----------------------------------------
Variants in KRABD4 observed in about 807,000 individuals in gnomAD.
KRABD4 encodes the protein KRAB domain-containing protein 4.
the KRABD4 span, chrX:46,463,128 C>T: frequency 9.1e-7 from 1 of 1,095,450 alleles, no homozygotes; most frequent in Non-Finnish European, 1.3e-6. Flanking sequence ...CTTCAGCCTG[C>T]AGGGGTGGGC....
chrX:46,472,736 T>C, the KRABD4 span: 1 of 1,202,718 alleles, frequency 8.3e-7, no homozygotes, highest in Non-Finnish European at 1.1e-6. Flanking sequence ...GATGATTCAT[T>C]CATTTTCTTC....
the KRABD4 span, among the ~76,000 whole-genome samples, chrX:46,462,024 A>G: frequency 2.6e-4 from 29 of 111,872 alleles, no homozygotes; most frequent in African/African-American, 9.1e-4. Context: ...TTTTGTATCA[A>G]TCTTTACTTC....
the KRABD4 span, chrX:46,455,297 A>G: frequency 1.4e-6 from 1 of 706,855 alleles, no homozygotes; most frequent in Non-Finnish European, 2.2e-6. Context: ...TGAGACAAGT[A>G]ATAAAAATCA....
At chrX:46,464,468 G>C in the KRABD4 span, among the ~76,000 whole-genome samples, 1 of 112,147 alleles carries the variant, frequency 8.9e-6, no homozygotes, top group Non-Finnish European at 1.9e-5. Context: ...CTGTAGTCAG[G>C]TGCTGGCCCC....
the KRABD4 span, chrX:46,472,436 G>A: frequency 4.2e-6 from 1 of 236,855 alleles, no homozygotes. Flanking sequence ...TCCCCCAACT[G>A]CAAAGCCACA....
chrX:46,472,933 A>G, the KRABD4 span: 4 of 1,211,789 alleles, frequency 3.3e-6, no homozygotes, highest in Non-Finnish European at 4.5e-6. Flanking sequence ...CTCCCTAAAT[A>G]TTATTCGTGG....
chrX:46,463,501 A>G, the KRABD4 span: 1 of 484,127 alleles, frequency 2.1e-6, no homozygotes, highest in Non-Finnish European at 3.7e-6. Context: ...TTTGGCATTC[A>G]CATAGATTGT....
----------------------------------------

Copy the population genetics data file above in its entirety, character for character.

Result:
Variants in KRABD4 observed in about 807,000 individuals in gnomAD.
KRABD4 encodes the protein KRAB domain-containing protein 4.
the KRABD4 span, chrX:46,463,128 C>T: frequency 9.1e-7 from 1 of 1,095,450 alleles, no homozygotes; most frequent in Non-Finnish European, 1.3e-6. Flanking sequence ...CTTCAGCCTG[C>T]AGGGGTGGGC....
chrX:46,472,736 T>C, the KRABD4 span: 1 of 1,202,718 alleles, frequency 8.3e-7, no homozygotes, highest in Non-Finnish European at 1.1e-6. Flanking sequence ...GATGATTCAT[T>C]CATTTTCTTC....
the KRABD4 span, among the ~76,000 whole-genome samples, chrX:46,462,024 A>G: frequency 2.6e-4 from 29 of 111,872 alleles, no homozygotes; most frequent in African/African-American, 9.1e-4. Context: ...TTTTGTATCA[A>G]TCTTTACTTC....
the KRABD4 span, chrX:46,455,297 A>G: frequency 1.4e-6 from 1 of 706,855 alleles, no homozygotes; most frequent in Non-Finnish European, 2.2e-6. Context: ...TGAGACAAGT[A>G]ATAAAAATCA....
At chrX:46,464,468 G>C in the KRABD4 span, among the ~76,000 whole-genome samples, 1 of 112,147 alleles carries the variant, frequency 8.9e-6, no homozygotes, top group Non-Finnish European at 1.9e-5. Context: ...CTGTAGTCAG[G>C]TGCTGGCCCC....
the KRABD4 span, chrX:46,472,436 G>A: frequency 4.2e-6 from 1 of 236,855 alleles, no homozygotes. Flanking sequence ...TCCCCCAACT[G>A]CAAAGCCACA....
chrX:46,472,933 A>G, the KRABD4 span: 4 of 1,211,789 alleles, frequency 3.3e-6, no homozygotes, highest in Non-Finnish European at 4.5e-6. Flanking sequence ...CTCCCTAAAT[A>G]TTATTCGTGG....
chrX:46,463,501 A>G, the KRABD4 span: 1 of 484,127 alleles, frequency 2.1e-6, no homozygotes, highest in Non-Finnish European at 3.7e-6. Context: ...TTTGGCATTC[A>G]CATAGATTGT....